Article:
Cases with acute compartment syndrome have been reported in hemophilia patients with fractures after trauma, and studies on their treatment have been published previously [2]. Nevertheless, studies on the treatment of these fractures and follow up procedures after trivial falls are rarely available in the literature. We planned to discuss the preoperative, intraoperative, and postoperative treatment of the olecranon fracture after a trivial fall in Hemophilia A patient with this study. The patient was followed for seven days preoperatively to prepare for surgery and five days after the surgical intervention for prevention of surgical complications, and six months after the discharge. Although there is no standard approach about the surgical follow-up of hemophilia patients in the literature, according to the World Federation of Hemophilia guideline, the preoperative target value for hemophilia A in the minor surgical procedures is 50 IU/dL–80 IU/dL, whereas postoperatively (post operative 1–5 days) it was 30 IU/dL–80 IU/ dL [3]. Our patient was operated on with a factor level of 17% with hematologist approval, and in the early postoperative period, it was increased to 24%, and the patient was discharged in this way. We observed only a 9% increase of factor VIII despite dosing with 40 IU/kg of Factor VIII, which is a very low recovery. Normal in vivo recovery is about a 2% increase for any Factor VIII unit/kg injected. One reason can be the presence of Factor VIII inhibitor; however, as reported in the preoperative preparation section, it was negative, and surgery has been performed with the approval of the hematologist. The patient did not experience any problems related to bleeding during surgery and postoperative follow-up.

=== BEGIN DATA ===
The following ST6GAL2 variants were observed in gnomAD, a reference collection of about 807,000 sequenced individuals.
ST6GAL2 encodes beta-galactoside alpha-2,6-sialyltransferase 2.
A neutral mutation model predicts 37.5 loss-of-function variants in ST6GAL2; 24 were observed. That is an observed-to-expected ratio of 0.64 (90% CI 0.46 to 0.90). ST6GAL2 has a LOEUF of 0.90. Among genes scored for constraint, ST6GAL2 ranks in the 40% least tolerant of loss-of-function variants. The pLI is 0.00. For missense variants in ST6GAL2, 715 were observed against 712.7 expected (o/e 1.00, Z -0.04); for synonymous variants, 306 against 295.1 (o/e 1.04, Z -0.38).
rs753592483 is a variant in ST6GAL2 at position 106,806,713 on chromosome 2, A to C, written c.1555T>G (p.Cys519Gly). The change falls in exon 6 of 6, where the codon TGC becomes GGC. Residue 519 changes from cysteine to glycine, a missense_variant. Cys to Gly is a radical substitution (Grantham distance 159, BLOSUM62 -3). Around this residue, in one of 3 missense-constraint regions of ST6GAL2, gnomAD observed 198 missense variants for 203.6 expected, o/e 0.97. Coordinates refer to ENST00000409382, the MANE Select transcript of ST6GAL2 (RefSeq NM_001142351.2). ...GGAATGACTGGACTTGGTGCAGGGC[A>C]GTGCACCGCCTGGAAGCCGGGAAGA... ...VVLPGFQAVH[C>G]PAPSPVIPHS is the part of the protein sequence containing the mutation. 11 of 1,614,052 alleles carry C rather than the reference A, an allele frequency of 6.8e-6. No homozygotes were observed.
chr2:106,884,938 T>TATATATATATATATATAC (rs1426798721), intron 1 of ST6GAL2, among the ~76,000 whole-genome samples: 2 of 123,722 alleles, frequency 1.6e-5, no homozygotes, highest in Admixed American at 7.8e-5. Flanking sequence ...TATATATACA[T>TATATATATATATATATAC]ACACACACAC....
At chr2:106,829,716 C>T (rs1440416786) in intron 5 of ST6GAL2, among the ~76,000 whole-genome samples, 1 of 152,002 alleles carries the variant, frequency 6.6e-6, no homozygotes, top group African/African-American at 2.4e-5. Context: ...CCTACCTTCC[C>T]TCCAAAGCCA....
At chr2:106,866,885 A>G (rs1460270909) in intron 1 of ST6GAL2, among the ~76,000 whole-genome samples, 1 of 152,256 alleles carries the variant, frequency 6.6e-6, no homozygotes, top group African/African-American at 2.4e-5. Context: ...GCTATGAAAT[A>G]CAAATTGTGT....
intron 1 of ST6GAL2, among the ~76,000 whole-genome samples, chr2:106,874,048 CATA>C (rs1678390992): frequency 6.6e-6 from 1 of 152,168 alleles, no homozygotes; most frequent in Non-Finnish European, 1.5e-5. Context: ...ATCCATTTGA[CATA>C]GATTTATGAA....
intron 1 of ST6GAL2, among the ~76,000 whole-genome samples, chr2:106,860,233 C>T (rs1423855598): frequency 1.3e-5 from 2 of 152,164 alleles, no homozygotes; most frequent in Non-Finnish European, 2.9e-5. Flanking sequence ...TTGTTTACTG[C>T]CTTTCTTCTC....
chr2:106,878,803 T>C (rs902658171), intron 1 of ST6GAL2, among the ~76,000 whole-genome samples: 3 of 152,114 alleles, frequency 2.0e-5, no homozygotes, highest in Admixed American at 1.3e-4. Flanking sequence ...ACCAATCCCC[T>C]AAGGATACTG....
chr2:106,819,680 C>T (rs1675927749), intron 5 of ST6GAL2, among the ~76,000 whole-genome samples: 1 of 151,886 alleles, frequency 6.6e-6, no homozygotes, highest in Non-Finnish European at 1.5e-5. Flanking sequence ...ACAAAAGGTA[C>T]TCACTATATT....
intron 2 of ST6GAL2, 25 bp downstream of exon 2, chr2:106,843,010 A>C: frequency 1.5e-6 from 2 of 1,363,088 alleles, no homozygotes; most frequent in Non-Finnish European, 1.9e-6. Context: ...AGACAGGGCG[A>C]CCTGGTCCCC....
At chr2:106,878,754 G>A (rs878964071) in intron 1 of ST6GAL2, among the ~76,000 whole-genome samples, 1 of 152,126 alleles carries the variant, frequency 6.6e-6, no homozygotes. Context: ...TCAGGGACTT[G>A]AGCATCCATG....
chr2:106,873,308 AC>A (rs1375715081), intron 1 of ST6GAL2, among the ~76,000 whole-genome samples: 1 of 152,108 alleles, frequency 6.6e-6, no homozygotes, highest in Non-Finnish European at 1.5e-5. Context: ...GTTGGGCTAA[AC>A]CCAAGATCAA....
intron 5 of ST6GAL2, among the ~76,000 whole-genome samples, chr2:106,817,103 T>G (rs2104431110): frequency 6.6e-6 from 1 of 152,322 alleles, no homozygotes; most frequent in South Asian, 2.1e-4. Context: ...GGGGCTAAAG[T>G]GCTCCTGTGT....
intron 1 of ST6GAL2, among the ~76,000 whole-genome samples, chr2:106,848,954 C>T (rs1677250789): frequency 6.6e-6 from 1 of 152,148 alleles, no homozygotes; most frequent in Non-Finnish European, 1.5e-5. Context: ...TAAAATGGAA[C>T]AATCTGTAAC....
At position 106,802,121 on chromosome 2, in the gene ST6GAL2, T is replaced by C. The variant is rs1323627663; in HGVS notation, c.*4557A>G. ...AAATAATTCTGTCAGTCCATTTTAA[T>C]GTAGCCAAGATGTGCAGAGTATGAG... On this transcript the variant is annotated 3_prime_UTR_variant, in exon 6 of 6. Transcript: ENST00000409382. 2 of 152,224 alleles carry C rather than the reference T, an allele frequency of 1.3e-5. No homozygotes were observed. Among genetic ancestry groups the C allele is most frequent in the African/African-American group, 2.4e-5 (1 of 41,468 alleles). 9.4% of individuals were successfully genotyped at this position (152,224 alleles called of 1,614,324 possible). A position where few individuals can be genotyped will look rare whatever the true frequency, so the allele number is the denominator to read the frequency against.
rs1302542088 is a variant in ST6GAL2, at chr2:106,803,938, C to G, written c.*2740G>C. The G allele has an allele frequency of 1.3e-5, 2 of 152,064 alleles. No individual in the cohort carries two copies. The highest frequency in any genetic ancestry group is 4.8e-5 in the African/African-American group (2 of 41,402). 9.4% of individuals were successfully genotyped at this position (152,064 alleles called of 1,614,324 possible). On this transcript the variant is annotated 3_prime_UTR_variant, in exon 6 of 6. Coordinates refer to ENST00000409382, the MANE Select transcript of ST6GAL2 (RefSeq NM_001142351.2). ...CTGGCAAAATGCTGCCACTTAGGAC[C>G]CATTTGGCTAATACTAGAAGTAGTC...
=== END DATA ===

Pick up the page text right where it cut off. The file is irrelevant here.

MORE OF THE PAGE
Caviglia et al. reported a retrospective epidemiological study of the 27-year period revealed that lower extremity fractures were seen more frequently, but the incidence of upper extremity fractures has increased in recent years. However, it was not specifically mentioned of olecranon fractures, but ulna fractures were reported as 8.6% in all fractures, and only one of these fractures was treated surgically [4]. Techniques such as tension band wiring, compression plates, compression plates, and lag screws, lag screws, and protection plates are used in the surgical treatment of olecranon fractures [5]. The goal of surgery is to achieve an anatomic reduction of the fracture and restoration of the joint and stable fixation to allow movement as soon as possible. It should be reached for the desired purpose with the least possible invasive surgical method in hemophilia patients. In our patient, a tension band wiring technique was used, and passive exercises were started at the postoperative first week and active exercises in the postoperative second week. It was observed that the range of motion was fully obtained at the 6th week postoperatively. Our case report aims to describe a rare case of hemophilia, A adolescent patient with a fracture of the olecranon after a trivial fall. To our knowledge, this is the first article that reports fracture of olecranon with hemophilia A adolescent patient and treatment with tension band wiring.